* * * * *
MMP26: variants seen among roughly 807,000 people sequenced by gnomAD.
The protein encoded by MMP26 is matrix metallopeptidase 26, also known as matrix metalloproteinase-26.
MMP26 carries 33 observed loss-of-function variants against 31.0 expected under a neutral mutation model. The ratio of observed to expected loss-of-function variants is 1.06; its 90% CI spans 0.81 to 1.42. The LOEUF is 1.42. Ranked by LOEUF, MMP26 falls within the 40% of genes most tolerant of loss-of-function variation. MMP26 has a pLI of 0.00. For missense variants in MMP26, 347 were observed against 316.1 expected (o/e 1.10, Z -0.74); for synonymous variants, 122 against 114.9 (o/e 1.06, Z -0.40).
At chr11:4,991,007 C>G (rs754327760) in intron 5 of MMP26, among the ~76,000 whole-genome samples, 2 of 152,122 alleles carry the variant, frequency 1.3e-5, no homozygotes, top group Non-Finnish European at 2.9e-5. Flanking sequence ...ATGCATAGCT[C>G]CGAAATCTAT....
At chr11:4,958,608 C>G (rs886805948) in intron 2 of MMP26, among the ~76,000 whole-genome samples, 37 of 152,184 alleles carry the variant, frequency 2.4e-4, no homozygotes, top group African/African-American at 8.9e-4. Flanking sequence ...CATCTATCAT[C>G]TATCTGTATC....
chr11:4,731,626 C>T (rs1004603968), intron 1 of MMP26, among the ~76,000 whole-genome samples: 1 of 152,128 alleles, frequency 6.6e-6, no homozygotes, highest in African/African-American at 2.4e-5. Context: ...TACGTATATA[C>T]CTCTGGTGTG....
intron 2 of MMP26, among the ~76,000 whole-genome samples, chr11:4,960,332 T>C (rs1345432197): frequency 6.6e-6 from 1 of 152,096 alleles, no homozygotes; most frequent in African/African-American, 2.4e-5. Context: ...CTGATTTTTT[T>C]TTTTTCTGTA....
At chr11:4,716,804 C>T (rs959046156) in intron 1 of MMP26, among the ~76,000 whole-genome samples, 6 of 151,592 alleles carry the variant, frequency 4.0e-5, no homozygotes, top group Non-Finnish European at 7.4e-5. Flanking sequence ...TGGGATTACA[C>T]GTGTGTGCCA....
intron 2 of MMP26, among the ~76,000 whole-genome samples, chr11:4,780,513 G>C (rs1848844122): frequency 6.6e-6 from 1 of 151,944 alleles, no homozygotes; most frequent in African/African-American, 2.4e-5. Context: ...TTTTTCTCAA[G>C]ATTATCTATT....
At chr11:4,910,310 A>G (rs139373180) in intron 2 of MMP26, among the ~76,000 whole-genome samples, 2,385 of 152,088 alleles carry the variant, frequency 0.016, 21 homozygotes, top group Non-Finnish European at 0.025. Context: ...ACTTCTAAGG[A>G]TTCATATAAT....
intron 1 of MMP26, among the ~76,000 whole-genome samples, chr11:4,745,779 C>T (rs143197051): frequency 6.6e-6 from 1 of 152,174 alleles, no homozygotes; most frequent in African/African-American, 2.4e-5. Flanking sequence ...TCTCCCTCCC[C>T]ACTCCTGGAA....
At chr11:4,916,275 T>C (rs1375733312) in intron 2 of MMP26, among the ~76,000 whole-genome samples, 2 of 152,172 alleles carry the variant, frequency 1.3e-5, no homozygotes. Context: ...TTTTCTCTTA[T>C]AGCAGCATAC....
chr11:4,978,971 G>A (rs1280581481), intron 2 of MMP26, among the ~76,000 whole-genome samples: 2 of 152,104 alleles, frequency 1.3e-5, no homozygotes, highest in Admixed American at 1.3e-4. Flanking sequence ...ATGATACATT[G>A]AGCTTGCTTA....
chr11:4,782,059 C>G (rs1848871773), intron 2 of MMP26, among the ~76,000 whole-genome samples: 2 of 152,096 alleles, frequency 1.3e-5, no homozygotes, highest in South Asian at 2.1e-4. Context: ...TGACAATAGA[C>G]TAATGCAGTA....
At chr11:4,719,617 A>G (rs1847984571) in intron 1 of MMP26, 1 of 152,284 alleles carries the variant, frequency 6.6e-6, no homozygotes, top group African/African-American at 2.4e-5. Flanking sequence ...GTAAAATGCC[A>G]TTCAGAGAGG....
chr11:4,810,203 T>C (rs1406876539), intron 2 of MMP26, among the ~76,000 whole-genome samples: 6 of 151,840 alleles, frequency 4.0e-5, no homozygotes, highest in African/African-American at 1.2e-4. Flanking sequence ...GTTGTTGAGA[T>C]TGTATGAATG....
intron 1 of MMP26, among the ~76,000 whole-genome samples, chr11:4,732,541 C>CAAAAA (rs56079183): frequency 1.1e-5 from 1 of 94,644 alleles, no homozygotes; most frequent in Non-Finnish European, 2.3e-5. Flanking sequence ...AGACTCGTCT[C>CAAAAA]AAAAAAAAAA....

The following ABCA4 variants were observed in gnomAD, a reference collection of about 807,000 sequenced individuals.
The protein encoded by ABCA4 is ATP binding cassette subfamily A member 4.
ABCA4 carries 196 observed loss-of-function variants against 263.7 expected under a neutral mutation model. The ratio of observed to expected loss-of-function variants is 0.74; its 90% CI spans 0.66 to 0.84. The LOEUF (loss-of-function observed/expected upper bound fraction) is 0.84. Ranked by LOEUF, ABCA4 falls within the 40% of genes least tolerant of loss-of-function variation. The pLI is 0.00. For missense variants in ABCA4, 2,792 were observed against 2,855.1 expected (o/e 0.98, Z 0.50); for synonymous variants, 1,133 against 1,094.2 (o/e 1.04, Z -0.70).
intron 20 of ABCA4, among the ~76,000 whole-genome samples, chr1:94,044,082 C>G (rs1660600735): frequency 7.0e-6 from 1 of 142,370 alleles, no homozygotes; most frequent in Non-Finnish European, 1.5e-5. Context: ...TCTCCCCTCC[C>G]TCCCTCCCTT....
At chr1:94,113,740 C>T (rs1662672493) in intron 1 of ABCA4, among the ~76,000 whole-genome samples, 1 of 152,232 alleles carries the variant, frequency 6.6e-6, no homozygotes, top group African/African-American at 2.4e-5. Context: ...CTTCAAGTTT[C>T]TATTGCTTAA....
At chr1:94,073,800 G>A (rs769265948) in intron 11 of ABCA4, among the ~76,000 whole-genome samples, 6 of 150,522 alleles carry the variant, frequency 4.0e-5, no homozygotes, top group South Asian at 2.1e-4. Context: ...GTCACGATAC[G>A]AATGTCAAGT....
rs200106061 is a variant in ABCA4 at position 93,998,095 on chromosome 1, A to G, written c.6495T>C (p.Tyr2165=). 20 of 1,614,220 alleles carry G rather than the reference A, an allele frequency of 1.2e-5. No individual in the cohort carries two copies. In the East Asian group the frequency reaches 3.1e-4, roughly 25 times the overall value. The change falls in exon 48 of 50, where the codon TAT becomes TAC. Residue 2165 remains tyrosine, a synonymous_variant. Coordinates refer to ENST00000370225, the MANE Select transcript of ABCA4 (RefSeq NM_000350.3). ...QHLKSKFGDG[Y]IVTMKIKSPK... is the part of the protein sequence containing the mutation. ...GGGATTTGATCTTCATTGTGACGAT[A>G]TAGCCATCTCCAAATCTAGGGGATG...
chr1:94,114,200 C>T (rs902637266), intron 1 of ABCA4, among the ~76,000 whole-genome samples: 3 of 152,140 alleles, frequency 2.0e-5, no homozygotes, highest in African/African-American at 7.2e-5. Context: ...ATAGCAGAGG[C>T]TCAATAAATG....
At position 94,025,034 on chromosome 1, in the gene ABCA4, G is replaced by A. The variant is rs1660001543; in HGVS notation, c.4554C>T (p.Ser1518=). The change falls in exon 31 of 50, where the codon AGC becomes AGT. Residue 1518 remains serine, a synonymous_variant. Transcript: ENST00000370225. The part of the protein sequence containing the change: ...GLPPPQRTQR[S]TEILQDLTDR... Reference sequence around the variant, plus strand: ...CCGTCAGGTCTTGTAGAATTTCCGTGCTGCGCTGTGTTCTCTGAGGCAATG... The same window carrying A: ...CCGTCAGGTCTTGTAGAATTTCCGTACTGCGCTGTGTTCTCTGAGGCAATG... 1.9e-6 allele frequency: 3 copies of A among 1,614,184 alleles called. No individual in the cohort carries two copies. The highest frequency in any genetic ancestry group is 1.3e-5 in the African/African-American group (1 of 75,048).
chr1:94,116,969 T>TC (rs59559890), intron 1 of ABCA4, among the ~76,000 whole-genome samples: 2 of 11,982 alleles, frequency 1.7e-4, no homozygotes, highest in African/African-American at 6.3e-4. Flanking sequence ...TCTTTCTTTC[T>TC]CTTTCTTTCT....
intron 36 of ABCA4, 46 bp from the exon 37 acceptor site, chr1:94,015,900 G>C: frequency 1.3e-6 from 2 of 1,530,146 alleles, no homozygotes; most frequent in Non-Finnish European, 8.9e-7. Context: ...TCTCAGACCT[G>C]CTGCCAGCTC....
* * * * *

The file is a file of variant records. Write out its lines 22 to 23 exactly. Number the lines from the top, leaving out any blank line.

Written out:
At chr1:94,113,740 C>T (rs1662672493) in intron 1 of ABCA4, among the ~76,000 whole-genome samples, 1 of 152,232 alleles carries the variant, frequency 6.6e-6, no homozygotes, top group African/African-American at 2.4e-5. Context: ...CTTCAAGTTT[C>T]TATTGCTTAA....
At chr1:94,073,800 G>A (rs769265948) in intron 11 of ABCA4, among the ~76,000 whole-genome samples, 6 of 150,522 alleles carry the variant, frequency 4.0e-5, no homozygotes, top group South Asian at 2.1e-4. Context: ...GTCACGATAC[G>A]AATGTCAAGT....